I stole a glance at Stuart as he hugged Molly one more time. He waved and smiled as he closed the door. I weakly smiled back, feeling the unmistakable flood of hormones again.

What is wrong with me?

I had noticed the way he looked Molly in the eye, the way he leaned casually against the dresser, the genuine warmth and innocence of his hug. There was nothing threatening about him. Across my mind flashed all the lukewarm smiles, the fearful eyes, the slammed doors and condescending sneers from the boys in my church. The only time Sven had hugged me was when I was crumpled on the ground, crying because something about him driving four hours away to college knocked the wind out of me, felt so final. A scandalous hug, dragged out of him by pity. But Stuart had just walked in and hugged his friend. He wasn’t worried about defrauding her. He wasn’t worried about anything. He had looked so blissfully normal…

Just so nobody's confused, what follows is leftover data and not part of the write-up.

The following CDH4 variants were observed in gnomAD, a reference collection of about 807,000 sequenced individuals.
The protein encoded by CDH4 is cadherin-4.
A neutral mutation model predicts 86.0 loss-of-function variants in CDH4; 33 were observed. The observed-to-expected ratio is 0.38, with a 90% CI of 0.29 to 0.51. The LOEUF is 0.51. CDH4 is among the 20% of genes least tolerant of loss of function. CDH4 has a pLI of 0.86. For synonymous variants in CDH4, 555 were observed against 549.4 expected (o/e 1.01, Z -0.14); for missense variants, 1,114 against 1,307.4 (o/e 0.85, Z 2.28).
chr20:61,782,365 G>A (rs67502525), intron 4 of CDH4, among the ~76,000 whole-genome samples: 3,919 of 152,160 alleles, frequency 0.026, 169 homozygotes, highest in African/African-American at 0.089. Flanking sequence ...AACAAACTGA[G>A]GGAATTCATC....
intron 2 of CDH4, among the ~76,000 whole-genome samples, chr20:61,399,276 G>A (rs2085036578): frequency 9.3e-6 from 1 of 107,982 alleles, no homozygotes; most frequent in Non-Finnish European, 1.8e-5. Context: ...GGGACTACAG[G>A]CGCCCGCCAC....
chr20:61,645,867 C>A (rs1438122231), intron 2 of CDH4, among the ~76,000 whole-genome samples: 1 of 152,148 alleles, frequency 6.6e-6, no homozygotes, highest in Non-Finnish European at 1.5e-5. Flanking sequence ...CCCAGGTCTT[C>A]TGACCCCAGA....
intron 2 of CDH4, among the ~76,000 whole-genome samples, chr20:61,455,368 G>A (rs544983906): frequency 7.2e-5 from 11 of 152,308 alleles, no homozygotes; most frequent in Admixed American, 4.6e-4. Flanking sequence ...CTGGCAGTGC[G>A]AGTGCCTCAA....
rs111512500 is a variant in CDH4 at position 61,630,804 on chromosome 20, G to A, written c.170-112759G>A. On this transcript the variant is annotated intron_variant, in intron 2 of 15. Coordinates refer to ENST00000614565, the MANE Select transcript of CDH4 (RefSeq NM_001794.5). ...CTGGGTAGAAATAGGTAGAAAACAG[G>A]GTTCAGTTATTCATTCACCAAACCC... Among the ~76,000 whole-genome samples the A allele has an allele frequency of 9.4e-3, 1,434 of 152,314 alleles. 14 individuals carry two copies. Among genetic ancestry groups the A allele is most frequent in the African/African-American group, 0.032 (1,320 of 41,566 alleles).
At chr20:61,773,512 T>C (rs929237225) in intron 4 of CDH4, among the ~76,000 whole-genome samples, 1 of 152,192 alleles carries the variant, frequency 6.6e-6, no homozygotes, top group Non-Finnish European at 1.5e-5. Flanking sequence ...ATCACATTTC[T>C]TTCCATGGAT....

I bit my lip. Green eyes. That wavy golden ponytail.

I went back to my architecture book with ferocity. Doric, Ionic, Corinthian orders. Focus on the columns. The Ionic one looks a little bit like a ram’s head. Green eyes. This isn’t working.

God, forgive me.

Part 1 | Part 2 | Part 3 | Part 4 | Part 5 | Part 6 | Part 7 | Part 8 |Part 9 | Part 10 | Part 11 | Part 12 | Part 13 | Part 14 |

Part 15 | Part 16 | Part 17 | Part 18 | Part 19 | Part 20 | Part 21

Open comments below

Read everything by Sierra!